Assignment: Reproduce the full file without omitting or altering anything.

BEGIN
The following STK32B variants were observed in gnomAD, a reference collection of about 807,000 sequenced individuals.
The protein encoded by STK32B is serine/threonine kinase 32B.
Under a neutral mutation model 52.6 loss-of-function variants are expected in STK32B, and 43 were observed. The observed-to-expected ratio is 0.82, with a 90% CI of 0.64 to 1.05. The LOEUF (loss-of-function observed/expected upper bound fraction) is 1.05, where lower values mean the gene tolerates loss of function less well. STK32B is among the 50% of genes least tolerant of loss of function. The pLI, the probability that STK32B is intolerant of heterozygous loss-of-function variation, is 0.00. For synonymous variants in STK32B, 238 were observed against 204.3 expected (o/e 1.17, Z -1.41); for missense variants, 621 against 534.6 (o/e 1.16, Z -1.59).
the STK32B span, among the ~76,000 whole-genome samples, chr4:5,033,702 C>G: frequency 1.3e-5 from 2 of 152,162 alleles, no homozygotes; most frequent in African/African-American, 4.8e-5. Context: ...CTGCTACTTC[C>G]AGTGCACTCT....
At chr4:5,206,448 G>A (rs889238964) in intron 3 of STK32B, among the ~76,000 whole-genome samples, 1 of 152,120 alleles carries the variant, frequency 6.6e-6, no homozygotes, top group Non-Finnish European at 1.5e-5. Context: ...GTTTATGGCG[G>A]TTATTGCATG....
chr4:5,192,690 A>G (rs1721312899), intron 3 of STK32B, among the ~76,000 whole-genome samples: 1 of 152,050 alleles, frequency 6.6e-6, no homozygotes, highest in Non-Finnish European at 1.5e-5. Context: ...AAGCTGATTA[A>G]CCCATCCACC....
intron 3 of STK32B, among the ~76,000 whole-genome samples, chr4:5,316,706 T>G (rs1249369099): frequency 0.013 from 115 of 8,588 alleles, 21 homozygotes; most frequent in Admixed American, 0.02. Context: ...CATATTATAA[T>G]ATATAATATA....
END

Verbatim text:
The following STK32B variants were observed in gnomAD, a reference collection of about 807,000 sequenced individuals.
The protein encoded by STK32B is serine/threonine kinase 32B.
Under a neutral mutation model 52.6 loss-of-function variants are expected in STK32B, and 43 were observed. The observed-to-expected ratio is 0.82, with a 90% CI of 0.64 to 1.05. The LOEUF (loss-of-function observed/expected upper bound fraction) is 1.05, where lower values mean the gene tolerates loss of function less well. STK32B is among the 50% of genes least tolerant of loss of function. The pLI, the probability that STK32B is intolerant of heterozygous loss-of-function variation, is 0.00. For synonymous variants in STK32B, 238 were observed against 204.3 expected (o/e 1.17, Z -1.41); for missense variants, 621 against 534.6 (o/e 1.16, Z -1.59).
the STK32B span, among the ~76,000 whole-genome samples, chr4:5,033,702 C>G: frequency 1.3e-5 from 2 of 152,162 alleles, no homozygotes; most frequent in African/African-American, 4.8e-5. Context: ...CTGCTACTTC[C>G]AGTGCACTCT....
At chr4:5,206,448 G>A (rs889238964) in intron 3 of STK32B, among the ~76,000 whole-genome samples, 1 of 152,120 alleles carries the variant, frequency 6.6e-6, no homozygotes, top group Non-Finnish European at 1.5e-5. Context: ...GTTTATGGCG[G>A]TTATTGCATG....
chr4:5,192,690 A>G (rs1721312899), intron 3 of STK32B, among the ~76,000 whole-genome samples: 1 of 152,050 alleles, frequency 6.6e-6, no homozygotes, highest in Non-Finnish European at 1.5e-5. Context: ...AAGCTGATTA[A>G]CCCATCCACC....
intron 3 of STK32B, among the ~76,000 whole-genome samples, chr4:5,316,706 T>G (rs1249369099): frequency 0.013 from 115 of 8,588 alleles, 21 homozygotes; most frequent in Admixed American, 0.02. Context: ...CATATTATAA[T>G]ATATAATATA....